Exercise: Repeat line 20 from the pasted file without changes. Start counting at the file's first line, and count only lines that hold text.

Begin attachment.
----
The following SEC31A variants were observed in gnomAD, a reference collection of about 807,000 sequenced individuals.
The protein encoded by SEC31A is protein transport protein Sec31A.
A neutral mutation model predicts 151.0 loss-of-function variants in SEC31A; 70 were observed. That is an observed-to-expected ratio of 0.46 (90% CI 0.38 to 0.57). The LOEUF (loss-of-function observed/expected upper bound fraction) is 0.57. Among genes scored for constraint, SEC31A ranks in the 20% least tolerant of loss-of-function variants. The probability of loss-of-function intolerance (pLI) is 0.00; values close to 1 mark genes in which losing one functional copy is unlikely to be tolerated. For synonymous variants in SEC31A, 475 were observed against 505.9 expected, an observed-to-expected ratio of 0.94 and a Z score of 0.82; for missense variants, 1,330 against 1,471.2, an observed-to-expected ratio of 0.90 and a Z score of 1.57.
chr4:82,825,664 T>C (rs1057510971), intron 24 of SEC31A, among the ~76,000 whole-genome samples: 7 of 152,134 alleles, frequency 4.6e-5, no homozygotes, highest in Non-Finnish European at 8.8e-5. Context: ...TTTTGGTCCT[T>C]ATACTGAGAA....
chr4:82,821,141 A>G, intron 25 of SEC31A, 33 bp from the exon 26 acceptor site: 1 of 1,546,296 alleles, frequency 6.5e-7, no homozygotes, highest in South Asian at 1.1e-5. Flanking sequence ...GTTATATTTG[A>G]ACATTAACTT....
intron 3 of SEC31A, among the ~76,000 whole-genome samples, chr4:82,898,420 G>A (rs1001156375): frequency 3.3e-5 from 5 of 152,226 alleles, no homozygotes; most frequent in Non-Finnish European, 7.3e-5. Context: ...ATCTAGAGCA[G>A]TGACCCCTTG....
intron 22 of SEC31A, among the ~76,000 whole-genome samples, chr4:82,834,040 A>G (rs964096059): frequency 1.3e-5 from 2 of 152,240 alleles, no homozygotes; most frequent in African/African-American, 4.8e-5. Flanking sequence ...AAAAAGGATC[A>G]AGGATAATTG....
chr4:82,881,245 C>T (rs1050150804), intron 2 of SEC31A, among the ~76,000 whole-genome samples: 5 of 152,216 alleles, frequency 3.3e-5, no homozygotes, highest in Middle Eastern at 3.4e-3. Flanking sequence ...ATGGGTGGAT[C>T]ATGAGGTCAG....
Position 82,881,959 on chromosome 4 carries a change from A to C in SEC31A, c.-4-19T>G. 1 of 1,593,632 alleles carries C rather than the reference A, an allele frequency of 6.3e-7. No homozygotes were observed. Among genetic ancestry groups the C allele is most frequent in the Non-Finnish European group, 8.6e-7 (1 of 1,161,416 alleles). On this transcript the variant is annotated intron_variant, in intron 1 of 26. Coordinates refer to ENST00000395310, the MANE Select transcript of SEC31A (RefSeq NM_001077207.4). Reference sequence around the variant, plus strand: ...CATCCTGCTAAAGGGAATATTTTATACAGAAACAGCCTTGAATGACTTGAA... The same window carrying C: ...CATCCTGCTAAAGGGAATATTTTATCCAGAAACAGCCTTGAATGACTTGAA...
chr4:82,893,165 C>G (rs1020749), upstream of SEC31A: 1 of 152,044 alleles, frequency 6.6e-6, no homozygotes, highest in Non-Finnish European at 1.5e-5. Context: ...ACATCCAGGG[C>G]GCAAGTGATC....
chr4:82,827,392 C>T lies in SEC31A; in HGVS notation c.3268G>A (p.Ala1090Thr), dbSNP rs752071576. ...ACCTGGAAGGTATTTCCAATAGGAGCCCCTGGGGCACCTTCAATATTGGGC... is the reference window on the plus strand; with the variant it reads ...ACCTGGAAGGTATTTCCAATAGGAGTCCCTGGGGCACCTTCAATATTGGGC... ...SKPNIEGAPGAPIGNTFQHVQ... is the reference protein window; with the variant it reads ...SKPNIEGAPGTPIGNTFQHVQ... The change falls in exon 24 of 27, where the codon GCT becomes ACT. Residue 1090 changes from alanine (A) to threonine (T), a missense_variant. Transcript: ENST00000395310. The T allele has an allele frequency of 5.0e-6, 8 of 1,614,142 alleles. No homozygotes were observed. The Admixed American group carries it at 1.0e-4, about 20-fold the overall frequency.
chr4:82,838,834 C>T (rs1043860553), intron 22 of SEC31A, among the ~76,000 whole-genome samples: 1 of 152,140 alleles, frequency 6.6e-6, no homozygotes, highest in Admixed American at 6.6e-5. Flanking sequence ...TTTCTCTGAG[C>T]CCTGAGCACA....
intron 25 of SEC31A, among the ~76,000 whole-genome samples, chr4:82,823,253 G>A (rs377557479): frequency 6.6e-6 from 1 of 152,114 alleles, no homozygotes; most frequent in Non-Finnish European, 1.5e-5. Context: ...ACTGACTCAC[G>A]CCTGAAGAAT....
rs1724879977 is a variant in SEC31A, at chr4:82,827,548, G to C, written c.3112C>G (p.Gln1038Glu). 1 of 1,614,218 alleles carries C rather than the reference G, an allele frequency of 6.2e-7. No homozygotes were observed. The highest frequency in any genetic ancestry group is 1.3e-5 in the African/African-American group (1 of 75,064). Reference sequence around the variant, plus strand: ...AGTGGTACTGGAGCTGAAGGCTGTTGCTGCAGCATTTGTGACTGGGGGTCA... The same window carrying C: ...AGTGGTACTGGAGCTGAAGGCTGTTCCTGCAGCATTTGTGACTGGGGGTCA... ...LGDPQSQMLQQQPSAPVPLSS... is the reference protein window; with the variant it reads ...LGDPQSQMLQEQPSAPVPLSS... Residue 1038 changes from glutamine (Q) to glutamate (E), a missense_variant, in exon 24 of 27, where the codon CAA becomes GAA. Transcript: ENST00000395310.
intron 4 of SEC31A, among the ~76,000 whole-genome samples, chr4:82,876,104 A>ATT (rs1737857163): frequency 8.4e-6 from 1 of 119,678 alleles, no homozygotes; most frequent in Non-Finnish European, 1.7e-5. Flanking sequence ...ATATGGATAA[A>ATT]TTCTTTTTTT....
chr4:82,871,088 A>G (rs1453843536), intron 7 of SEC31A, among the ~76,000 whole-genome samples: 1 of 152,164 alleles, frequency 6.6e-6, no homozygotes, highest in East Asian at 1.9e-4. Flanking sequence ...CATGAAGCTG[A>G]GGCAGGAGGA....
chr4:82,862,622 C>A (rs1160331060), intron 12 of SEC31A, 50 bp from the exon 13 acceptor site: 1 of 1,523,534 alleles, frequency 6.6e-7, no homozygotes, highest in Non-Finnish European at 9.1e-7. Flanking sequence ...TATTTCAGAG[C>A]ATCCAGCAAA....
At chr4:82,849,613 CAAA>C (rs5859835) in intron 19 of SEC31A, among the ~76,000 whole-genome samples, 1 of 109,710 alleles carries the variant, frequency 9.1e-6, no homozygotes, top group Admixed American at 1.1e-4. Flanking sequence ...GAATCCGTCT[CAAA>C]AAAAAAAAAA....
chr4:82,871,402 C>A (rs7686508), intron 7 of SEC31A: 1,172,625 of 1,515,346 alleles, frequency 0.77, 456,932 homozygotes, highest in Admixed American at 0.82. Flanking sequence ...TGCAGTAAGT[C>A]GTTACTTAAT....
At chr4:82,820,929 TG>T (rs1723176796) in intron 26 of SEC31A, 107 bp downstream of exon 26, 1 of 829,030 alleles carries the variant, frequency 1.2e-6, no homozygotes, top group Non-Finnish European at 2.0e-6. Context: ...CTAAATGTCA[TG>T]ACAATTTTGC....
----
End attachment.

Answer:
At chr4:82,820,929 TG>T (rs1723176796) in intron 26 of SEC31A, 107 bp downstream of exon 26, 1 of 829,030 alleles carries the variant, frequency 1.2e-6, no homozygotes, top group Non-Finnish European at 2.0e-6. Context: ...CTAAATGTCA[TG>T]ACAATTTTGC....